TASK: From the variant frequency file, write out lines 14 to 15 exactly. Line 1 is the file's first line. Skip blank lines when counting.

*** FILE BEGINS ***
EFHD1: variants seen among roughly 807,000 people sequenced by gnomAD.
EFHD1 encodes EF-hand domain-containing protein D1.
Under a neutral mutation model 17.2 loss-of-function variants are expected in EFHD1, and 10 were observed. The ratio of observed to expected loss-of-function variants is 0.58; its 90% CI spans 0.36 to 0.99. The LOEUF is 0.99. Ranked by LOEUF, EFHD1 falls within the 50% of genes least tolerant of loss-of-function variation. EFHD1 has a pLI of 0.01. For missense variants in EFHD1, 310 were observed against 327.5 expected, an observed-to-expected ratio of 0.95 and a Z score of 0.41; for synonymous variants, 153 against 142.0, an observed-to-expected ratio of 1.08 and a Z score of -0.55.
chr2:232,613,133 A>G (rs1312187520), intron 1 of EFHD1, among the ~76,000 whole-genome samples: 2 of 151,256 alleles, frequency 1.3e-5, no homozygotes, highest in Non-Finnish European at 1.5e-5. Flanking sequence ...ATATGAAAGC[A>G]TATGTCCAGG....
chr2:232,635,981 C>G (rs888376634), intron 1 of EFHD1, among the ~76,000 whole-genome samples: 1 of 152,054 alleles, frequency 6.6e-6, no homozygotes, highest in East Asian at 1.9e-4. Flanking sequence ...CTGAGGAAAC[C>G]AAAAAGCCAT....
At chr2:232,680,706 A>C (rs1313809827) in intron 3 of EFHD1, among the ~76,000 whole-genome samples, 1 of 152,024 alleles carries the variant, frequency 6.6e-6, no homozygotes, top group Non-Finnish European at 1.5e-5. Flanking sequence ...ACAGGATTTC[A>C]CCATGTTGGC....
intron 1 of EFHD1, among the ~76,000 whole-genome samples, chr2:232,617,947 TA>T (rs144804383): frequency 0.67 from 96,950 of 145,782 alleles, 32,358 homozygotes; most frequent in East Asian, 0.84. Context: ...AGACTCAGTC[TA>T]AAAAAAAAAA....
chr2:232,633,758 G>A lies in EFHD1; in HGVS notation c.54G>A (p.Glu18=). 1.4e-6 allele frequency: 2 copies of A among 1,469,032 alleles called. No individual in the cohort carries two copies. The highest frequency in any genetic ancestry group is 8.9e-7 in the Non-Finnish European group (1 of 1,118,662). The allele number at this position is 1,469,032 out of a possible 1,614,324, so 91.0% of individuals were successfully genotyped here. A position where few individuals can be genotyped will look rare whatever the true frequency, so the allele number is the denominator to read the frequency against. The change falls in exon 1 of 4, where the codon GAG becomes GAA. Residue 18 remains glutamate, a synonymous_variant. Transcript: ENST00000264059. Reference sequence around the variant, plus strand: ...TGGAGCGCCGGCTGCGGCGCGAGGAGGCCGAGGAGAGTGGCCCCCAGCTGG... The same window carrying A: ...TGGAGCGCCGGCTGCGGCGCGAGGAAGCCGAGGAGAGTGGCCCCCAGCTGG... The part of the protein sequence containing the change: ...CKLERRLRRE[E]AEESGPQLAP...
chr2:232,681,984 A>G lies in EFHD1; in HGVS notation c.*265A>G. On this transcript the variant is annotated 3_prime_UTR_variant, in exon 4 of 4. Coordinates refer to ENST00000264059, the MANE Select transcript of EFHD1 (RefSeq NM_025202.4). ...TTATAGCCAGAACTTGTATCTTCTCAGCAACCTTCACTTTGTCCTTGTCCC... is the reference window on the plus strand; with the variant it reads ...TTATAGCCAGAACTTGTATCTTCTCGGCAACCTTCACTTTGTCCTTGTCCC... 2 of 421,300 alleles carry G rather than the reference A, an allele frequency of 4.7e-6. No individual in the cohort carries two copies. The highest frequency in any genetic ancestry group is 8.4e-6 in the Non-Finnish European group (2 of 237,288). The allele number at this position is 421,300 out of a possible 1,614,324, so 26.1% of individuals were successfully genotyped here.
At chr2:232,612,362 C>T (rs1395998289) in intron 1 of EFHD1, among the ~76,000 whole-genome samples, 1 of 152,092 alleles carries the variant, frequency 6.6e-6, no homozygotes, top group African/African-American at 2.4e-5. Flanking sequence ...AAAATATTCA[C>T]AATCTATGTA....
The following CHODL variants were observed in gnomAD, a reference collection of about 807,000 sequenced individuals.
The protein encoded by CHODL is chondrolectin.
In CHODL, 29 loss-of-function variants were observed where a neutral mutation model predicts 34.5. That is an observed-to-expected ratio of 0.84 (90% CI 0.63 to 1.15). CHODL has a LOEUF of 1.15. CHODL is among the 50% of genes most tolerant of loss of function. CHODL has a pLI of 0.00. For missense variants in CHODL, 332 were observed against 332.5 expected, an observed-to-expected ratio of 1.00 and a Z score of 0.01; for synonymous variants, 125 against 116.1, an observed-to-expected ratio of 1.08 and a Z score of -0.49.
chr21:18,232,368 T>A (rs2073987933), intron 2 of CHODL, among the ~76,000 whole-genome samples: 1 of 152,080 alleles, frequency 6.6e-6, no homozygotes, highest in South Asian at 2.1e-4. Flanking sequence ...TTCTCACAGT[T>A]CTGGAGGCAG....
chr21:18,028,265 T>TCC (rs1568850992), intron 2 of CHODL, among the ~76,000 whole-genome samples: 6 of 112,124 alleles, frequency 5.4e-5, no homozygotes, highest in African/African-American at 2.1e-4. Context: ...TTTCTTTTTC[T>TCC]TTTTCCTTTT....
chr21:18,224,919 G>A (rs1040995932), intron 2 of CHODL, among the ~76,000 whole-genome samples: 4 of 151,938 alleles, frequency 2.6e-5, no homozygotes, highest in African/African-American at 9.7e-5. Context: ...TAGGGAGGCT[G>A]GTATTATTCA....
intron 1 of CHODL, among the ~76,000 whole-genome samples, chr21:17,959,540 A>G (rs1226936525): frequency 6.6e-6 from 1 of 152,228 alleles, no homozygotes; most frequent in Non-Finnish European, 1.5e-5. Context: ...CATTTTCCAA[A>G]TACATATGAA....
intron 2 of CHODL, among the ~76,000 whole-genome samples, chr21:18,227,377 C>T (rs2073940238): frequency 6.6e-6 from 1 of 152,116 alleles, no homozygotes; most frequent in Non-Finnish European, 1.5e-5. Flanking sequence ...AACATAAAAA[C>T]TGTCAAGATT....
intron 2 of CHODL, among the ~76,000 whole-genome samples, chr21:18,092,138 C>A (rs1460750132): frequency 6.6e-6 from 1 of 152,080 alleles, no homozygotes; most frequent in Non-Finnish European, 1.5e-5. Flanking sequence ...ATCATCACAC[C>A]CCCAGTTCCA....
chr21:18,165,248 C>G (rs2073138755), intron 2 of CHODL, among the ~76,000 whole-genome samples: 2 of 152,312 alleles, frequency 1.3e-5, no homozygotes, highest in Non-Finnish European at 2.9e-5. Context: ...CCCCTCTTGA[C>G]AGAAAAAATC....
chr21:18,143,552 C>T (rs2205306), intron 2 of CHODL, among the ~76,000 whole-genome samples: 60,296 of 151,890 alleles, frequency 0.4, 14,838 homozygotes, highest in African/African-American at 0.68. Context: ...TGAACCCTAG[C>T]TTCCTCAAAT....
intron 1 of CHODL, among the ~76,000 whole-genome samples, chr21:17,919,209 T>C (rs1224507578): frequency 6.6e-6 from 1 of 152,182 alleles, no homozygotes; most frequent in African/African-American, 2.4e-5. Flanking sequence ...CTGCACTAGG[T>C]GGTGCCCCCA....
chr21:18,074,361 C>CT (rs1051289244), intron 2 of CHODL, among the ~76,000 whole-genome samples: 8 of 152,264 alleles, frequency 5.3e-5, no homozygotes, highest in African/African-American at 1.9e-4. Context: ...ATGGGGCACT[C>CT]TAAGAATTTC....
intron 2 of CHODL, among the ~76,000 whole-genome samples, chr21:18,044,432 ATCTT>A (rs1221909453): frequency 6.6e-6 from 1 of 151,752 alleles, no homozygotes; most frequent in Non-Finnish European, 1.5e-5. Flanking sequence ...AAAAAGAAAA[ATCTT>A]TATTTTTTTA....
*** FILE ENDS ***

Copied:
chr21:18,232,368 T>A (rs2073987933), intron 2 of CHODL, among the ~76,000 whole-genome samples: 1 of 152,080 alleles, frequency 6.6e-6, no homozygotes, highest in South Asian at 2.1e-4. Flanking sequence ...TTCTCACAGT[T>A]CTGGAGGCAG....
chr21:18,028,265 T>TCC (rs1568850992), intron 2 of CHODL, among the ~76,000 whole-genome samples: 6 of 112,124 alleles, frequency 5.4e-5, no homozygotes, highest in African/African-American at 2.1e-4. Context: ...TTTCTTTTTC[T>TCC]TTTTCCTTTT....